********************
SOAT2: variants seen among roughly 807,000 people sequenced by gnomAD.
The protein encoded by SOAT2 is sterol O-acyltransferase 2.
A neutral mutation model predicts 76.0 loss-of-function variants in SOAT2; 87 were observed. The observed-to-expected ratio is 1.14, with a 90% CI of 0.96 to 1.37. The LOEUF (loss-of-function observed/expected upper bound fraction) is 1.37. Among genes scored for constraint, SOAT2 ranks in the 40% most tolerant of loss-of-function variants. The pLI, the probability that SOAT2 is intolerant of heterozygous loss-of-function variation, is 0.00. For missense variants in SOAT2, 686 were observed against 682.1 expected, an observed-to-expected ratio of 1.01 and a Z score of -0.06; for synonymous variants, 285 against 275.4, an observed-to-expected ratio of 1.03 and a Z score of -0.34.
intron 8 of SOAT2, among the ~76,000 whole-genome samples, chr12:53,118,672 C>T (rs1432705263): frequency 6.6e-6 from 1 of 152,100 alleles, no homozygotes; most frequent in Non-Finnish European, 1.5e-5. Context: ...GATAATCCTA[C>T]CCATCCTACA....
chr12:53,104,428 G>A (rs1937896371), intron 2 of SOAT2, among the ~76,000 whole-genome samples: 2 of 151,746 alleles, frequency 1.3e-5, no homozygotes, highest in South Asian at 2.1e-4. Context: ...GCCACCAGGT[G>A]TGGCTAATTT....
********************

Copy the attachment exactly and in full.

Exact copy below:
SOAT2: variants seen among roughly 807,000 people sequenced by gnomAD.
The protein encoded by SOAT2 is sterol O-acyltransferase 2.
A neutral mutation model predicts 76.0 loss-of-function variants in SOAT2; 87 were observed. The observed-to-expected ratio is 1.14, with a 90% CI of 0.96 to 1.37. The LOEUF (loss-of-function observed/expected upper bound fraction) is 1.37. Among genes scored for constraint, SOAT2 ranks in the 40% most tolerant of loss-of-function variants. The pLI, the probability that SOAT2 is intolerant of heterozygous loss-of-function variation, is 0.00. For missense variants in SOAT2, 686 were observed against 682.1 expected, an observed-to-expected ratio of 1.01 and a Z score of -0.06; for synonymous variants, 285 against 275.4, an observed-to-expected ratio of 1.03 and a Z score of -0.34.
intron 8 of SOAT2, among the ~76,000 whole-genome samples, chr12:53,118,672 C>T (rs1432705263): frequency 6.6e-6 from 1 of 152,100 alleles, no homozygotes; most frequent in Non-Finnish European, 1.5e-5. Context: ...GATAATCCTA[C>T]CCATCCTACA....
chr12:53,104,428 G>A (rs1937896371), intron 2 of SOAT2, among the ~76,000 whole-genome samples: 2 of 151,746 alleles, frequency 1.3e-5, no homozygotes, highest in South Asian at 2.1e-4. Context: ...GCCACCAGGT[G>A]TGGCTAATTT....